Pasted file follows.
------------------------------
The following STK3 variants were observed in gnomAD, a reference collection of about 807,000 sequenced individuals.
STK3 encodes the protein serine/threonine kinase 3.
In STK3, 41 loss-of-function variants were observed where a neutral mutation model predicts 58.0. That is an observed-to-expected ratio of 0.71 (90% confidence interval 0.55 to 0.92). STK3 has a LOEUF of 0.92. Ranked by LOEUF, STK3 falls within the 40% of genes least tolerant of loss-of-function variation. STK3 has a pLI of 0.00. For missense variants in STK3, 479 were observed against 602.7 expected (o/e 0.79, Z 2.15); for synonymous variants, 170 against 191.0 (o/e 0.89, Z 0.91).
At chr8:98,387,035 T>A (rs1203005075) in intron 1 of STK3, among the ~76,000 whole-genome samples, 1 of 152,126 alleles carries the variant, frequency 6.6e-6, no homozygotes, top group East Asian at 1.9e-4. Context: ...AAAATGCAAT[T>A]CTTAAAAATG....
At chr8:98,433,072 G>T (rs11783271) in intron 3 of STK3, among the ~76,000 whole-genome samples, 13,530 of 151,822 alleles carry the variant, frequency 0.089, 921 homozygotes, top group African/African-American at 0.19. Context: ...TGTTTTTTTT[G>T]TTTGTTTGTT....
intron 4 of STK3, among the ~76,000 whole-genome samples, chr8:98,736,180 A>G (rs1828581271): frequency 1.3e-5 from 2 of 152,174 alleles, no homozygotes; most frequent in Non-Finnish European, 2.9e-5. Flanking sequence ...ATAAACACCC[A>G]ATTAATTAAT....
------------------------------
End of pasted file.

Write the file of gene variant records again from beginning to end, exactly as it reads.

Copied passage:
The following STK3 variants were observed in gnomAD, a reference collection of about 807,000 sequenced individuals.
STK3 encodes the protein serine/threonine kinase 3.
In STK3, 41 loss-of-function variants were observed where a neutral mutation model predicts 58.0. That is an observed-to-expected ratio of 0.71 (90% confidence interval 0.55 to 0.92). STK3 has a LOEUF of 0.92. Ranked by LOEUF, STK3 falls within the 40% of genes least tolerant of loss-of-function variation. STK3 has a pLI of 0.00. For missense variants in STK3, 479 were observed against 602.7 expected (o/e 0.79, Z 2.15); for synonymous variants, 170 against 191.0 (o/e 0.89, Z 0.91).
At chr8:98,387,035 T>A (rs1203005075) in intron 1 of STK3, among the ~76,000 whole-genome samples, 1 of 152,126 alleles carries the variant, frequency 6.6e-6, no homozygotes, top group East Asian at 1.9e-4. Context: ...AAAATGCAAT[T>A]CTTAAAAATG....
At chr8:98,433,072 G>T (rs11783271) in intron 3 of STK3, among the ~76,000 whole-genome samples, 13,530 of 151,822 alleles carry the variant, frequency 0.089, 921 homozygotes, top group African/African-American at 0.19. Context: ...TGTTTTTTTT[G>T]TTTGTTTGTT....
intron 4 of STK3, among the ~76,000 whole-genome samples, chr8:98,736,180 A>G (rs1828581271): frequency 1.3e-5 from 2 of 152,174 alleles, no homozygotes; most frequent in Non-Finnish European, 2.9e-5. Flanking sequence ...ATAAACACCC[A>G]ATTAATTAAT....